How To Create Gantt Charts

A Gantt chart is a type of chart used for managing project schedules. It highlights events, milestones and goals in any given project. They are made to show the order of tasks that must be done in order to be considered complete. A mechanical engineer known as Henry Gantt invented the Gantt chart in the 1910s. He designed the Gantt chart to aid foremen at production work – making sure that schedules are met. It is charts were used for several large construction projects, such as the Hoover Dam.

Steps:

  1. Consider the dependency of each task in a project. For example, you have set the completion date at October 30th, and there are 15 tasks that need to be done before that time. Decide which task needs to be completed last and and which task needs to be completed first. After this, consider which tasks are prerequisites of others tasks. Those tasks that cannot be started before another one is completed are called interdependency tasks.
  2. Consider if a simple or complex Gantt chart is required. Simple charts contain columns for the project's tasks, as well as the person / s responsible for the task and dates before completion. Complex Gantt may contain those columns as well as start and end dates, expected duration of the task, subtasks, and percent complete.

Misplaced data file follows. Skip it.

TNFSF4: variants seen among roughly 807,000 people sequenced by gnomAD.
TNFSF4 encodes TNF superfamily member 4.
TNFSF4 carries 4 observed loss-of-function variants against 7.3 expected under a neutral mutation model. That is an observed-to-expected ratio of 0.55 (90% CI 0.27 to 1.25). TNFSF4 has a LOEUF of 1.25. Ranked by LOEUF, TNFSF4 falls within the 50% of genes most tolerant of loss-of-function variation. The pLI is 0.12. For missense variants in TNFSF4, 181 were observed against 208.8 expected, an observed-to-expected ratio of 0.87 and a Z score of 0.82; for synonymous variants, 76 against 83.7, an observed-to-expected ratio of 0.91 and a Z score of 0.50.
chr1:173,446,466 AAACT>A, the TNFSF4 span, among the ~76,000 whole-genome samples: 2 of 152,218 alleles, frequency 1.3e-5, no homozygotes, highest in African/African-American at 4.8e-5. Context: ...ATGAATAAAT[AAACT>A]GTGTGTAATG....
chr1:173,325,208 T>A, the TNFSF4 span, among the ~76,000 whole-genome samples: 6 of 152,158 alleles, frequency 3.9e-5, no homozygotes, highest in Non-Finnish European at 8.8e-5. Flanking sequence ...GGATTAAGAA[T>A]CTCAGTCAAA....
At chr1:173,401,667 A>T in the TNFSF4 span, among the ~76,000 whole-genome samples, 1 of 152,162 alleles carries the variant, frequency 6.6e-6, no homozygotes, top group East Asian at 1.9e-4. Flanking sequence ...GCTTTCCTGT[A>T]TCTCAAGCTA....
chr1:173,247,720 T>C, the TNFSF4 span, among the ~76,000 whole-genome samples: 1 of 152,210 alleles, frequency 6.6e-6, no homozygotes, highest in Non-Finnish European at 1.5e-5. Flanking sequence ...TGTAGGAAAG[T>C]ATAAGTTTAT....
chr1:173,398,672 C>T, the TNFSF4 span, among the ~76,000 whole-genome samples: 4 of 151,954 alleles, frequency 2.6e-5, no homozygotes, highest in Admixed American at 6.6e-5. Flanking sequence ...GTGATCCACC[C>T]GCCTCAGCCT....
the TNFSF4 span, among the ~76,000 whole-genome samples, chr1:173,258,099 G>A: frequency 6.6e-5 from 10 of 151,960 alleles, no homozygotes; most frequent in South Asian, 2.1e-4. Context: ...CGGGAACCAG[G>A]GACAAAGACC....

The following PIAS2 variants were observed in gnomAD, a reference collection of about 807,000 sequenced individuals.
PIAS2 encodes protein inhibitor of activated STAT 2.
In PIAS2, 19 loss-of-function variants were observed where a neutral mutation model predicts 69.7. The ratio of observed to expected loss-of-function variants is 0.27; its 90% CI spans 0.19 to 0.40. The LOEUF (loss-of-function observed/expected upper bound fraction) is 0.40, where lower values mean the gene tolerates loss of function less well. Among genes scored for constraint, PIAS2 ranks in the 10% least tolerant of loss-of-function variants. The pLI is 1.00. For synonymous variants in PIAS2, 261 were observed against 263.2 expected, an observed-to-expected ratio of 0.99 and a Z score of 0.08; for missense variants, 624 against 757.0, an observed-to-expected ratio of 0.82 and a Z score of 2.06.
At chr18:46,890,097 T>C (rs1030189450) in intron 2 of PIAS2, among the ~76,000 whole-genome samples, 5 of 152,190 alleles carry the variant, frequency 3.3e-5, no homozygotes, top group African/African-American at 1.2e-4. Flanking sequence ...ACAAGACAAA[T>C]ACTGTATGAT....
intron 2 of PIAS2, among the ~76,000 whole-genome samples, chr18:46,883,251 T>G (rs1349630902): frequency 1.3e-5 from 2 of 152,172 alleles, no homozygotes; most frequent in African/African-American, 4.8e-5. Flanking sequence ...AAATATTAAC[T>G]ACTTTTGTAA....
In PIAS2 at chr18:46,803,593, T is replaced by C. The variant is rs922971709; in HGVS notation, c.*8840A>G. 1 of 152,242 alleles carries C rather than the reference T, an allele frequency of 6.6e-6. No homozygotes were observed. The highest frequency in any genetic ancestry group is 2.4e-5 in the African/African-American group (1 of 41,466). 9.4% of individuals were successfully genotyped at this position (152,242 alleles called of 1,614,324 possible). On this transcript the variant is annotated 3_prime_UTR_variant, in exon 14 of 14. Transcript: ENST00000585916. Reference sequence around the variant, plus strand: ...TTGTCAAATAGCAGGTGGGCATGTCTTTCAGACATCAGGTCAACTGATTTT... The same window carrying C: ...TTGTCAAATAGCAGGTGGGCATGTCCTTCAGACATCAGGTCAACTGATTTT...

3. Place the task name in the left column, placing one task per row. The name of the person accountable for the task in the second column, then arrange the remainder of the columns by month, day, or week. For complex charts, you may include columns where percentages or other information relevant to the project may be placed.
  4. Draw a hollow box to show the expected duration of each task, making sure that the box is lined up under the correct start and end dates. Consider interdependencies and arrange them underneath each other and under their prerequisite. Tasks who are not dependent on other tasks may be adjusted throughout the project's entire duration to make better use of time and resources.
  5. Make sure to allow for flexibility in your project's duration. If you have set the completion date at October 30th, it's great to plan its completion at October 28th or 27th. By doing this, you can be sure that the schedule is still met even if there are unplanned events, such as illness.
  6. It would be best to color-code the Gantt chart, using different colors to indicate if a task is done or has yet to be completed. The completion date may be added. If the duration of the project is lengthy, you can consider adding milestones along the way to encourage employees and help them stay focused.
  7. Make sure to review the chart on a regular basis to ensure that schedules are met. If the project is behind schedule, rearranging the tasks might be required. On the other hand, if the project is ahead of schedule, then you can rearrange other tasks to make better use of time and resources, and to make sure that the original deadline is met.
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Source by Vik Tantry

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